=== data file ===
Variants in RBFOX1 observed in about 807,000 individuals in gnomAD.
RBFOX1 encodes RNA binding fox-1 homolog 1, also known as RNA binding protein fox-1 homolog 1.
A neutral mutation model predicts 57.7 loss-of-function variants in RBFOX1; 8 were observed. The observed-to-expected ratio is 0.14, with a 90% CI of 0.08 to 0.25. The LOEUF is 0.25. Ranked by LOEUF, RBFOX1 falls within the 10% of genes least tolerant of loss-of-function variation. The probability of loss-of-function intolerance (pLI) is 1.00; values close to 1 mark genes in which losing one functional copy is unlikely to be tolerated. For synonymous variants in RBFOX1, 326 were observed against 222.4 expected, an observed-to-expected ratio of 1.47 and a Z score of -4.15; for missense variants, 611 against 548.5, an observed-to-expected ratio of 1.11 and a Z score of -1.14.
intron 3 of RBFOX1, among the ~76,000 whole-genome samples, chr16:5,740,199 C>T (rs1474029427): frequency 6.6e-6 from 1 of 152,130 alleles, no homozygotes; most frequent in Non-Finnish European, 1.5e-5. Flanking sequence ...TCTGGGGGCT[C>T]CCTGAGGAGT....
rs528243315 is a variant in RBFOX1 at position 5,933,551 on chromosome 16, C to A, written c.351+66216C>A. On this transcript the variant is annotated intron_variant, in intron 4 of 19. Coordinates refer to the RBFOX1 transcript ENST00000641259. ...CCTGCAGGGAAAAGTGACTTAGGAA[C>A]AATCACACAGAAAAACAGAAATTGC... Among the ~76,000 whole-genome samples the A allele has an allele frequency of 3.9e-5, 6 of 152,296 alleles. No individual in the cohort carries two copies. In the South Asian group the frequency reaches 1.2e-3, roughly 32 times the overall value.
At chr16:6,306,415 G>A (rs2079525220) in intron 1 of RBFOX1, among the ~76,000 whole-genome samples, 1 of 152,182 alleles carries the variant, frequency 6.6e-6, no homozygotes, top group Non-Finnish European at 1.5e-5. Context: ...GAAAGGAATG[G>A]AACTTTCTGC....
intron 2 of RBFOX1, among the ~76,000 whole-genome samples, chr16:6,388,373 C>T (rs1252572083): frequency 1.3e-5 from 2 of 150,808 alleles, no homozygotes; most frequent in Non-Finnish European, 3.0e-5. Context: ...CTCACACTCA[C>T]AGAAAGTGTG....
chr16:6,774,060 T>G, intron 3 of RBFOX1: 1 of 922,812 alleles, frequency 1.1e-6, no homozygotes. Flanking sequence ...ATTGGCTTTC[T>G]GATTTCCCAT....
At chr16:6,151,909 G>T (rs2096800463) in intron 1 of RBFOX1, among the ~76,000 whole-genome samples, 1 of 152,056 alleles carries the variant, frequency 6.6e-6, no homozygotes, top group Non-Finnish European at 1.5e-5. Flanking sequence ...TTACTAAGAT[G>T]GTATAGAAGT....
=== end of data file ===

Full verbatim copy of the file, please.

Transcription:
Variants in RBFOX1 observed in about 807,000 individuals in gnomAD.
RBFOX1 encodes RNA binding fox-1 homolog 1, also known as RNA binding protein fox-1 homolog 1.
A neutral mutation model predicts 57.7 loss-of-function variants in RBFOX1; 8 were observed. The observed-to-expected ratio is 0.14, with a 90% CI of 0.08 to 0.25. The LOEUF is 0.25. Ranked by LOEUF, RBFOX1 falls within the 10% of genes least tolerant of loss-of-function variation. The probability of loss-of-function intolerance (pLI) is 1.00; values close to 1 mark genes in which losing one functional copy is unlikely to be tolerated. For synonymous variants in RBFOX1, 326 were observed against 222.4 expected, an observed-to-expected ratio of 1.47 and a Z score of -4.15; for missense variants, 611 against 548.5, an observed-to-expected ratio of 1.11 and a Z score of -1.14.
intron 3 of RBFOX1, among the ~76,000 whole-genome samples, chr16:5,740,199 C>T (rs1474029427): frequency 6.6e-6 from 1 of 152,130 alleles, no homozygotes; most frequent in Non-Finnish European, 1.5e-5. Flanking sequence ...TCTGGGGGCT[C>T]CCTGAGGAGT....
rs528243315 is a variant in RBFOX1 at position 5,933,551 on chromosome 16, C to A, written c.351+66216C>A. On this transcript the variant is annotated intron_variant, in intron 4 of 19. Coordinates refer to the RBFOX1 transcript ENST00000641259. ...CCTGCAGGGAAAAGTGACTTAGGAA[C>A]AATCACACAGAAAAACAGAAATTGC... Among the ~76,000 whole-genome samples the A allele has an allele frequency of 3.9e-5, 6 of 152,296 alleles. No individual in the cohort carries two copies. In the South Asian group the frequency reaches 1.2e-3, roughly 32 times the overall value.
At chr16:6,306,415 G>A (rs2079525220) in intron 1 of RBFOX1, among the ~76,000 whole-genome samples, 1 of 152,182 alleles carries the variant, frequency 6.6e-6, no homozygotes, top group Non-Finnish European at 1.5e-5. Context: ...GAAAGGAATG[G>A]AACTTTCTGC....
intron 2 of RBFOX1, among the ~76,000 whole-genome samples, chr16:6,388,373 C>T (rs1252572083): frequency 1.3e-5 from 2 of 150,808 alleles, no homozygotes; most frequent in Non-Finnish European, 3.0e-5. Context: ...CTCACACTCA[C>T]AGAAAGTGTG....
chr16:6,774,060 T>G, intron 3 of RBFOX1: 1 of 922,812 alleles, frequency 1.1e-6, no homozygotes. Flanking sequence ...ATTGGCTTTC[T>G]GATTTCCCAT....
At chr16:6,151,909 G>T (rs2096800463) in intron 1 of RBFOX1, among the ~76,000 whole-genome samples, 1 of 152,056 alleles carries the variant, frequency 6.6e-6, no homozygotes, top group Non-Finnish European at 1.5e-5. Flanking sequence ...TTACTAAGAT[G>T]GTATAGAAGT....